The Oxford Muse was born in 2001, the brainchild of Theodore Zeldin.
It has been nurtured by well-wishers and volunteers of many kinds, in an atmosphere of informality. We invite you to tell us how we can be useful to you, and what practical collaboration you would like to offer us.
As the range of our projects have widened, and as opportunities offered to us have increased, we need to expand the range of talent and experience we can draw on.
We wish to create a Council of Advisors and the title of Fellow of the Oxford Muse for those who make a substantial contribution to our work.
The original seed money to start us off came from some philanthropists in Houston Texas, who heard about our plans. It was the city which played a major role in the most spectacular adventure of the 20th century, the journey into space. Our ambition is to embark on what we hope will be the most surprising adventure of the 21st century. We are trying to do what seems as impossible as going to the moon once did. Can humans make as much progress in the way they treat one another as they have been making in technology?
We have room for more brave men and women who want to be a new kind of astronaut, using methods as practical and as far removed from utopianism as those that have worked wonders in aeronautics. As this webside shows, we now have many new projects. We need philanthropic donations if these are to develop.
We want to record our deep gratitude to those who have helped us financially: Nina and Michael Zilkha; The Nightingale Code Foundation; Craig & Poppi Massey; Suzanne Georges; Marjorie & Dine Glasgow; Ashley Mc Dermott; The Hogland Foundation; David Newton; Richard Paice; H.M. Government; the European Commission; the Arts Council of England; the British Council; the Higher Education Fund; the Equality and Human Rights Commission; McDonalds; IKEA; BMW; BP; Russell Reynolds; Nike; and the Minatec Nanotechnology Laboratory.
And also to all those who have been invaluable advisors to the Muse, at one time or another, and who have come from almost every branch of activity, as these examples show:
Andy Law, founder of St Luke's, which was voted the best advertising agency in Britain and which the Harvard Business Review called the most dangerous advertising agency in the world.
Dr. Leston Havens, professor of psychiatry at the Harvard Medical School, author of Learning to Be Human and many other very humane books.
Dr. Ivon Asquith, formerly general manager of the Oxford University Press.
Sir David Rowland, formerly Chairman of Lloyds and of the Natwest Bank and President of Templeton College Oxford.
Michael Moritz, senior partner of Sequoia Capital, who in his youth was Theodore Zeldin's pupil at Oxford.
Dame Joan Bakewell, the BBC broadcaster
Janne Ryan, executive producer in charge of arts and culture at Australian Broadcasting Corporation in Sydney, whose television programmes on The Mind of the Architect won international prizes.
Dr. Nigel Wilson, professor of Civil and Environmental Engineering at MIT, the pioneer of the Dial-a-Ride Bus.
Daniel Quirici, Ph.D. Stanford, one of the world's leading experts on the construction industry, formerly Managing Director of Schroeder Salomon Smith Barney and Advisory Director of Citigroup.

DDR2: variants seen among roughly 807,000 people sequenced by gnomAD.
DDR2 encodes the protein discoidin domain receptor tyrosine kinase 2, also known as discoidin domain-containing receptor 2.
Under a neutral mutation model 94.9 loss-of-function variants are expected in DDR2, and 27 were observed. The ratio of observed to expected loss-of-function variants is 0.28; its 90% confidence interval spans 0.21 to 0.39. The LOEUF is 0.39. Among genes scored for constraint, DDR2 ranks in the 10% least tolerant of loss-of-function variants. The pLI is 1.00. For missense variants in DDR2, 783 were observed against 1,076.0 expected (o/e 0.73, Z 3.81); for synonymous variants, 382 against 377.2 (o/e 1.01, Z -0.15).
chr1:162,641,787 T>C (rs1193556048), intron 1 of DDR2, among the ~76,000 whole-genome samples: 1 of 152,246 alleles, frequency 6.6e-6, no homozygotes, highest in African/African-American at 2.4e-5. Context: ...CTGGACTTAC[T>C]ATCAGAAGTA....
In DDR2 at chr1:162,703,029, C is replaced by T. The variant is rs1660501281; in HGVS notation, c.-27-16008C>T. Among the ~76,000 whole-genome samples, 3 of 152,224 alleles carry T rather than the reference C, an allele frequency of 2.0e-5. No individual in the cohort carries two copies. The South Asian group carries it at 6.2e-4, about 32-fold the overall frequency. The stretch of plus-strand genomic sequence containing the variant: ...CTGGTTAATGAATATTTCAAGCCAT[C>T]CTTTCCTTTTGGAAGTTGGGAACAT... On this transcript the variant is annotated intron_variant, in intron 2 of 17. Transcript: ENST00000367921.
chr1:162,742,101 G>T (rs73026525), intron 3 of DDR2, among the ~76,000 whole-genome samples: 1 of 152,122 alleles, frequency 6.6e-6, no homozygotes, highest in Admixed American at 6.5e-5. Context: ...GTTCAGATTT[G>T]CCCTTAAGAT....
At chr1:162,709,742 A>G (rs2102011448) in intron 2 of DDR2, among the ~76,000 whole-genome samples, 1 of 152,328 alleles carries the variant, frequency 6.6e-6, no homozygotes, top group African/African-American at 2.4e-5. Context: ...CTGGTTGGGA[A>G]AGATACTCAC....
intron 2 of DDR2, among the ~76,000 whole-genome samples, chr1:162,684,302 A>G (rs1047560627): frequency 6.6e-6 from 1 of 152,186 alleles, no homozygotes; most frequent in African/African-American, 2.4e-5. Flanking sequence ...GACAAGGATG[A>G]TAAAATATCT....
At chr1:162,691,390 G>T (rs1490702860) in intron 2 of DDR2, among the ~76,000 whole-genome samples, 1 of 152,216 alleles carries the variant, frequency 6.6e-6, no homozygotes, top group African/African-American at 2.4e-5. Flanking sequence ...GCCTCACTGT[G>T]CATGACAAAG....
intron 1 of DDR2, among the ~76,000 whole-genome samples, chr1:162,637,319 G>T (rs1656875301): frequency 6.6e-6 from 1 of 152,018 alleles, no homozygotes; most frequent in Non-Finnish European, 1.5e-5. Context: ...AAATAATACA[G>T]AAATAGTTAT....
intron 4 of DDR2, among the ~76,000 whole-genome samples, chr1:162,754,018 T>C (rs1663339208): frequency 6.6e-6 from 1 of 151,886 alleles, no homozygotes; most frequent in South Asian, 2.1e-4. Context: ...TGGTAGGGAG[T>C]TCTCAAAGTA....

Jean-Michel Djian, professor of cultural engineering at Paris University, developing education by apprenticeship, formerly editor of Le Monde de l'Education.
Kathryn Cave, who won UNESCO's first prize for children's literature in the service of tolerance
Dr. Deirdre Wilson, professor of linguistics at University College London, co-inventor of the Theory of Relevance
Dr. Abi Berger, science editor of the British Medical Journal, a general medical practitioner, artist and violinist, who aims to lead a balanced life, being both British and American.
Gideon Koppel, the filmmaker whose film Sleep Furiously has won international acclaim, and whose prize winning commercials for the National Society for the Prevention of Cruelty to Children have won record audience responses
Dr. Marshall Young, Vice-Principal of Green Templeton College, Oxford, director of Oxford's Strategic Leadership Course for Senior Executives, and Dr. Sue Dopson, professor at the Said Business School, Oxford.
Commander Peter Baseby, Royal Navy (Retired), who has been our accountant and auditor
Cathy de Monchaux, sculptor, whose work can be seen at the Tate Modern, and who has had one woman exhibitions at the Hirschorn Museum in Washington, the Whitechapel Museum in London etc.
Anne Marie Autissier, formerly President of the magazine Culture Europe, author of numerous reports for the European Commission and a leading expert on European cultural cooperation.
Eva Hamilton MBE, formerly director of the Homelessness Project at Business for the Community.
Dr. Valerie Gauthier, Dean of MBA Studies at HEC, Paris.
Thierry Saussez, publicist, founder of Image et Strategie, adviser to the president of France.
And those who have generously helped with our research and our events:
Poppy Sebag-Montefiore, John Reed, Alex Grigor, Christina Hardyment, Nina May, Gemma Mortensen, Charlie Koolhaas, Dr. Roman Krznaric, Christopher Whalen, Dr. Bi Scott, James Westcott, Anand Giridharadas, Beth Cullen, Sophia Blackwell, Corinna Gannon, Mark Garcia, James McConnachie, Danielle Olsen, Anna Parker, Jim Williams, Kate Stewart, Kim Hammond, Laura Evans, Dr.Tim Wharton, Gilli (Davies) Cliff, Jessie Teggin and the organisers and members of the Oxford University Students' Muse Society.